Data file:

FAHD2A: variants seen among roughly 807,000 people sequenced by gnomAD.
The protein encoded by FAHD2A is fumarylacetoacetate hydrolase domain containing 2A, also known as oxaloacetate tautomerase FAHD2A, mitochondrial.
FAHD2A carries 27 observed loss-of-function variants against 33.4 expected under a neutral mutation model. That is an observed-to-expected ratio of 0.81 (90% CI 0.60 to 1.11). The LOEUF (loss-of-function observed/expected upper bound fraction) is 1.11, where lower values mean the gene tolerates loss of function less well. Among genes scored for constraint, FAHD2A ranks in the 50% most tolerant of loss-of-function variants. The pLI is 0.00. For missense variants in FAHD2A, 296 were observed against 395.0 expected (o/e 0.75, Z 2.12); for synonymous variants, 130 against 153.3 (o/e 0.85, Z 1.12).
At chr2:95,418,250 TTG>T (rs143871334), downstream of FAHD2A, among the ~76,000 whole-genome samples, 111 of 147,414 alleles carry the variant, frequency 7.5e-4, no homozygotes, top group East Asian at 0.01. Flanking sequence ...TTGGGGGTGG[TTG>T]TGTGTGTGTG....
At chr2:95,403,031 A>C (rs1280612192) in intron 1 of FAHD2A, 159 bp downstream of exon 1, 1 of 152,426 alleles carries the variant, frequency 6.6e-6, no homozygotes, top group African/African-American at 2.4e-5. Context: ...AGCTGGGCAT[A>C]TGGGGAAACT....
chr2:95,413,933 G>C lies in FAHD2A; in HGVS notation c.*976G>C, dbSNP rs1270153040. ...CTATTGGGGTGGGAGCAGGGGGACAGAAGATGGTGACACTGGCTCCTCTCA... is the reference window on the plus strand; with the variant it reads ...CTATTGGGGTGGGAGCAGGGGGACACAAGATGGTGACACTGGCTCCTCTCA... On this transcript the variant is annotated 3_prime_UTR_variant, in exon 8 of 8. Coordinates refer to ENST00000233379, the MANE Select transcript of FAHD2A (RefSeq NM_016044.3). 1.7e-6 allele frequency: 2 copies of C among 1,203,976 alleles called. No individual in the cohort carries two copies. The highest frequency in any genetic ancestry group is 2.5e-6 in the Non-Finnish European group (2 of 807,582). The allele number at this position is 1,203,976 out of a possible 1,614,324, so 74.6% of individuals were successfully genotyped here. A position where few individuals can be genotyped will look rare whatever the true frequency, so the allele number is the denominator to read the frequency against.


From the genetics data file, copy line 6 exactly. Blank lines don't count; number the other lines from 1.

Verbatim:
chr2:95,413,933 G>C lies in FAHD2A; in HGVS notation c.*976G>C, dbSNP rs1270153040. ...CTATTGGGGTGGGAGCAGGGGGACAGAAGATGGTGACACTGGCTCCTCTCA... is the reference window on the plus strand; with the variant it reads ...CTATTGGGGTGGGAGCAGGGGGACACAAGATGGTGACACTGGCTCCTCTCA... On this transcript the variant is annotated 3_prime_UTR_variant, in exon 8 of 8. Coordinates refer to ENST00000233379, the MANE Select transcript of FAHD2A (RefSeq NM_016044.3). 1.7e-6 allele frequency: 2 copies of C among 1,203,976 alleles called. No individual in the cohort carries two copies. The highest frequency in any genetic ancestry group is 2.5e-6 in the Non-Finnish European group (2 of 807,582). The allele number at this position is 1,203,976 out of a possible 1,614,324, so 74.6% of individuals were successfully genotyped here. A position where few individuals can be genotyped will look rare whatever the true frequency, so the allele number is the denominator to read the frequency against.